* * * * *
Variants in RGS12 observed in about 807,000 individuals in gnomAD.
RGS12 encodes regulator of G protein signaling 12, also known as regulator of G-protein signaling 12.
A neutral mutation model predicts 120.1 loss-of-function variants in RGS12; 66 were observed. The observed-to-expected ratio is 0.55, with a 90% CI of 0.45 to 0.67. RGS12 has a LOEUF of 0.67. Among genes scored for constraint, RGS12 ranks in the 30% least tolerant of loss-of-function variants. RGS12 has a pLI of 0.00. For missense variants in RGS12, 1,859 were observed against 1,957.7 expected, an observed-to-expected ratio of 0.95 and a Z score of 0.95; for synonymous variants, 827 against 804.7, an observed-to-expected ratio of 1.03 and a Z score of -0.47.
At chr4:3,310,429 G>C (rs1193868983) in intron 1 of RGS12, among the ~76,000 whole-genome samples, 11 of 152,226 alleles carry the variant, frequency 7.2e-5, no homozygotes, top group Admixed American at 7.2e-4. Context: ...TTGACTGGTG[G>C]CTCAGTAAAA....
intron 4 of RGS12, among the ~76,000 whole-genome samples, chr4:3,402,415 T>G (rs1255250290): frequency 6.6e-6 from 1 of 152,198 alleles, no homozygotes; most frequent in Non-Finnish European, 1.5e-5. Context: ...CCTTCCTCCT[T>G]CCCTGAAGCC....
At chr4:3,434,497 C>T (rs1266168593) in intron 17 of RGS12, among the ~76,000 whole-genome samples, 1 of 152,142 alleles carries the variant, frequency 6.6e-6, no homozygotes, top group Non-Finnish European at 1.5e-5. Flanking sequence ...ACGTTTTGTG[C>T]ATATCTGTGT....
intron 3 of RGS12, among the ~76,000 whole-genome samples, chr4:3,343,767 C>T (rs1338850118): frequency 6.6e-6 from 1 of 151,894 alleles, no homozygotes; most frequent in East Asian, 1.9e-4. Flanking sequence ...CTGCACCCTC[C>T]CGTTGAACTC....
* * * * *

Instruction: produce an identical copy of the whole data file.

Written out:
Variants in RGS12 observed in about 807,000 individuals in gnomAD.
RGS12 encodes regulator of G protein signaling 12, also known as regulator of G-protein signaling 12.
A neutral mutation model predicts 120.1 loss-of-function variants in RGS12; 66 were observed. The observed-to-expected ratio is 0.55, with a 90% CI of 0.45 to 0.67. RGS12 has a LOEUF of 0.67. Among genes scored for constraint, RGS12 ranks in the 30% least tolerant of loss-of-function variants. RGS12 has a pLI of 0.00. For missense variants in RGS12, 1,859 were observed against 1,957.7 expected, an observed-to-expected ratio of 0.95 and a Z score of 0.95; for synonymous variants, 827 against 804.7, an observed-to-expected ratio of 1.03 and a Z score of -0.47.
At chr4:3,310,429 G>C (rs1193868983) in intron 1 of RGS12, among the ~76,000 whole-genome samples, 11 of 152,226 alleles carry the variant, frequency 7.2e-5, no homozygotes, top group Admixed American at 7.2e-4. Context: ...TTGACTGGTG[G>C]CTCAGTAAAA....
intron 4 of RGS12, among the ~76,000 whole-genome samples, chr4:3,402,415 T>G (rs1255250290): frequency 6.6e-6 from 1 of 152,198 alleles, no homozygotes; most frequent in Non-Finnish European, 1.5e-5. Context: ...CCTTCCTCCT[T>G]CCCTGAAGCC....
At chr4:3,434,497 C>T (rs1266168593) in intron 17 of RGS12, among the ~76,000 whole-genome samples, 1 of 152,142 alleles carries the variant, frequency 6.6e-6, no homozygotes, top group Non-Finnish European at 1.5e-5. Flanking sequence ...ACGTTTTGTG[C>T]ATATCTGTGT....
intron 3 of RGS12, among the ~76,000 whole-genome samples, chr4:3,343,767 C>T (rs1338850118): frequency 6.6e-6 from 1 of 151,894 alleles, no homozygotes; most frequent in East Asian, 1.9e-4. Flanking sequence ...CTGCACCCTC[C>T]CGTTGAACTC....